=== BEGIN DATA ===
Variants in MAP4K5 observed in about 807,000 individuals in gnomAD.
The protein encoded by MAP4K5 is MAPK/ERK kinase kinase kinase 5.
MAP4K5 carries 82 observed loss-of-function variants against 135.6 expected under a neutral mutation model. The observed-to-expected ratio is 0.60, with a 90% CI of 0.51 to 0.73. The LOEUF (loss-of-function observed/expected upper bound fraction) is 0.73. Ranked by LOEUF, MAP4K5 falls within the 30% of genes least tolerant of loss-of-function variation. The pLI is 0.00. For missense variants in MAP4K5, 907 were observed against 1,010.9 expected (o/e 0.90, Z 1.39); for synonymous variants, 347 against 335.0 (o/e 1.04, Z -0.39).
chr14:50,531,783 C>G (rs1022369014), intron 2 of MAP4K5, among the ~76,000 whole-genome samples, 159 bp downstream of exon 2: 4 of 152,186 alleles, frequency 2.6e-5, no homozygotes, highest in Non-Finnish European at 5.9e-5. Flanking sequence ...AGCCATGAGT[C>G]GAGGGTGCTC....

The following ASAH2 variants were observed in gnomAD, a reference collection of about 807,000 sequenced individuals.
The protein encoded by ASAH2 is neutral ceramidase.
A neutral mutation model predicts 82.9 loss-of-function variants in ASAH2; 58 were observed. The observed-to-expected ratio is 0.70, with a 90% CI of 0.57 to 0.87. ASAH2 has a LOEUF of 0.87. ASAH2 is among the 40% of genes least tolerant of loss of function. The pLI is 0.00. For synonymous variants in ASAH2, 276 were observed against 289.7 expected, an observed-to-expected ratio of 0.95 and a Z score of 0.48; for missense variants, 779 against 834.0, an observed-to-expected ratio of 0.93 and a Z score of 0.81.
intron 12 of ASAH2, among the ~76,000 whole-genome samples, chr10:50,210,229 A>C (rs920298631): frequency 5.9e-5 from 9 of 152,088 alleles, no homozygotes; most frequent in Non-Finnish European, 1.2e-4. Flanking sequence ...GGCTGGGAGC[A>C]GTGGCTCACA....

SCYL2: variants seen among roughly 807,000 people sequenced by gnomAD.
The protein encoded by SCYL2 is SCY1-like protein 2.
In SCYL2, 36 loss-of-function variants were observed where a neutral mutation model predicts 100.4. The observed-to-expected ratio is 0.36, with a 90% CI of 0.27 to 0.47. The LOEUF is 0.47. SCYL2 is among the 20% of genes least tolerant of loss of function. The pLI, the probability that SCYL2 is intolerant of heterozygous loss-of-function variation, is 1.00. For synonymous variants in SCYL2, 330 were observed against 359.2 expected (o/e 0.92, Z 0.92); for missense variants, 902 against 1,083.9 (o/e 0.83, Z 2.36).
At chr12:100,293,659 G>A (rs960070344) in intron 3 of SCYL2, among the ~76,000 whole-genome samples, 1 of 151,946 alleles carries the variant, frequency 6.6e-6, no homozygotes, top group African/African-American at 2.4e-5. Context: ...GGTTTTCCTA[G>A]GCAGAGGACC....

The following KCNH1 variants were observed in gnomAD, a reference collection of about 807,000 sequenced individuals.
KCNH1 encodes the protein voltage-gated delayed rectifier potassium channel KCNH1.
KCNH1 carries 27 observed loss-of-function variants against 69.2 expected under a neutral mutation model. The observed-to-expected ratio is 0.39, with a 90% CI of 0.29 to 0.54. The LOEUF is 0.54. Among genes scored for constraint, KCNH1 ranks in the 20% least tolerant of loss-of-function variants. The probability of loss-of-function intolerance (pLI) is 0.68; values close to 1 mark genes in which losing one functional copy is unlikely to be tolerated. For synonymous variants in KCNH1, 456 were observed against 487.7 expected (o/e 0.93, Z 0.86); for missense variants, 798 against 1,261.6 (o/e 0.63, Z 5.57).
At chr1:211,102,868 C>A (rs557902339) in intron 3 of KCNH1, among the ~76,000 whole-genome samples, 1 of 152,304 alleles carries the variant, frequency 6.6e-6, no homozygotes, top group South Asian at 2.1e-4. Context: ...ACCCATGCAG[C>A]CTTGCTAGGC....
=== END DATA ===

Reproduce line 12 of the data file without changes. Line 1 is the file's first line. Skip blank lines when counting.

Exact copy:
At chr12:100,293,659 G>A (rs960070344) in intron 3 of SCYL2, among the ~76,000 whole-genome samples, 1 of 151,946 alleles carries the variant, frequency 6.6e-6, no homozygotes, top group African/African-American at 2.4e-5. Context: ...GGTTTTCCTA[G>A]GCAGAGGACC....